BERLIN (Reuters) - Serbian teenager Ana Ivanovic fought back from a set down to win the first title of her career on clay on Sunday, defeating Russian third seed Svetlana Kuznetsova 3-6 6-4 7-6 in a thrilling final at the German Open.
The tall 19-year-old from Belgrade, seeded 12 here, started nervously in sunny conditions at the Steffi Graf Stadium, allowing the powerful world number four to race into a 3-0 lead inside 10 minutes.
After losing the first set, Ivanovic battled back into contention with some robust hitting of her own and held her nerve to take the decisive tie-break 7-4 when Kuznetsova hit a forehand long.
With the French Open looming at the end of this month, Ivanovic said the victory in Berlin had improved her chances of success at the only grand slam played on clay.
“It’s obviously very exciting,” Ivanovic said at a news conference. “Maybe I have more expectations now but I also don’t want to put too much pressure on myself.”
Ivanovic, who may break into the top 10 for the first time when the updated rankings are published on Monday, said she had been suffering from a troublesome ankle during Sunday’s match but was still likely to play at this week’s Rome event.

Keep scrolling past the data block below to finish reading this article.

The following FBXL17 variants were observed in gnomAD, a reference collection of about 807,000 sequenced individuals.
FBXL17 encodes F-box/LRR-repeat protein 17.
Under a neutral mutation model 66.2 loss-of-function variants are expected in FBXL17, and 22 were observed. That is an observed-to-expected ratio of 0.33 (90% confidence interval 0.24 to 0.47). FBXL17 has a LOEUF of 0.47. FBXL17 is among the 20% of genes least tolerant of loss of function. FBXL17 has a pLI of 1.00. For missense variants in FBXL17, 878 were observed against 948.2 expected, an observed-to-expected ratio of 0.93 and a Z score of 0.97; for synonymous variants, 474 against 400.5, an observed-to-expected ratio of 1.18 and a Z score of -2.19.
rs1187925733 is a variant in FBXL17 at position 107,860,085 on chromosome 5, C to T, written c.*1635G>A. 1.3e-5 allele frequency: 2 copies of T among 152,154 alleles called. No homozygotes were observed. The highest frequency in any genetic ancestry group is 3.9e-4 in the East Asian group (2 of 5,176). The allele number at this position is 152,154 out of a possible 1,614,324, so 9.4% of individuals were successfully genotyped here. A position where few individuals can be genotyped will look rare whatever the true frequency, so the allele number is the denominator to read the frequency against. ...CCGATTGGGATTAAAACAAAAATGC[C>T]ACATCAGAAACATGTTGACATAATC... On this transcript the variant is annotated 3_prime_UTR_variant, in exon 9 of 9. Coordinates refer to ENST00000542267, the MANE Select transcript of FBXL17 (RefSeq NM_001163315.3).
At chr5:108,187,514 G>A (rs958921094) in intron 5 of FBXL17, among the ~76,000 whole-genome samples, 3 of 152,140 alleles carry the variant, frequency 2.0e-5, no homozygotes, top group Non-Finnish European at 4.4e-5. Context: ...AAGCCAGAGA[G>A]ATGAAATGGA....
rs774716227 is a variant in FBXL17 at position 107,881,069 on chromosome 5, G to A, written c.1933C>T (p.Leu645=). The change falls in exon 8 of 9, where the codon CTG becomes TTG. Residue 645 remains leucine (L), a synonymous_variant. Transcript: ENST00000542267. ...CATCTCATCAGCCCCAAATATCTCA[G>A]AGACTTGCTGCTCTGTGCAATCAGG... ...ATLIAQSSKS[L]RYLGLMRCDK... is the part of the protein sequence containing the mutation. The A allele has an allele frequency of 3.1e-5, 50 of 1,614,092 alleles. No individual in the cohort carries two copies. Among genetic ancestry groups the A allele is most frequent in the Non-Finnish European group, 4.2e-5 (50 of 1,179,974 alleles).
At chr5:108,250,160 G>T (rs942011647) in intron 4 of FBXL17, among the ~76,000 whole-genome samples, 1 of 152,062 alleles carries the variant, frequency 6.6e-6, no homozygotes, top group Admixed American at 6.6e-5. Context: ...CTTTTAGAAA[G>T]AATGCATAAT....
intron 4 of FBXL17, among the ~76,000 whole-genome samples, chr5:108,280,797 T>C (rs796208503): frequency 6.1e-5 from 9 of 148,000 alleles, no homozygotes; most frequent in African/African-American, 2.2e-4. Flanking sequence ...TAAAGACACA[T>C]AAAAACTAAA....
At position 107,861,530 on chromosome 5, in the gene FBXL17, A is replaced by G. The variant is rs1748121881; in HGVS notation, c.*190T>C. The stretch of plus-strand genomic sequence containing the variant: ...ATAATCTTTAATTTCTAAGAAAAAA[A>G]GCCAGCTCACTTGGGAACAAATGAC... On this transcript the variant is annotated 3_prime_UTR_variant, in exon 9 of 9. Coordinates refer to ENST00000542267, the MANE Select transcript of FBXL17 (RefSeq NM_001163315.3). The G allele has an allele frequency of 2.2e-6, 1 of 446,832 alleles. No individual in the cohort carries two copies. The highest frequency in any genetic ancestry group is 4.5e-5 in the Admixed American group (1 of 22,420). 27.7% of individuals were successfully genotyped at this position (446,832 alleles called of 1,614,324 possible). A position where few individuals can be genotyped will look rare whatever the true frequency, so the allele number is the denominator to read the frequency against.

“I took some painkillers but they didn’t kick in until the end of the third set so I tried to hit winners earlier in the rallies,” she said. “It’s probably nothing too dangerous.”
Kuznetsova was playing her second match of the day, having earlier beaten world number one Justine Henin 6-4 5-7 6-4 in their interrupted semi-final which began on Saturday.
The former U.S. Open champion had beaten the Belgian only once in 15 previous meetings and lost to her in last year’s French Open final.
Kuznetsova said at a news conference her victories this week over Henin and defending German Open champion Nadia Petrova had boosted her confidence ahead of Roland Garros, which begins in Paris on May 27.
“I was disappointed to lose the final today of course but I have been winning against top players and I am very happy about that,” she said. “I’m on the right way.”
Henin, who has won three of her five grand slams in the French capital, said earlier it had been a very demanding week in Berlin, with numerous interruptions for rain and poor light, blustery conditions and slippery courts.
“It was very dangerous actually and everyone was scared they were going to get injured,” she said, adding that she would be taking two weeks off to rest and train.
“I had a good preparation here and a lot of matches on the clay and that’s good for the French Open,” she said.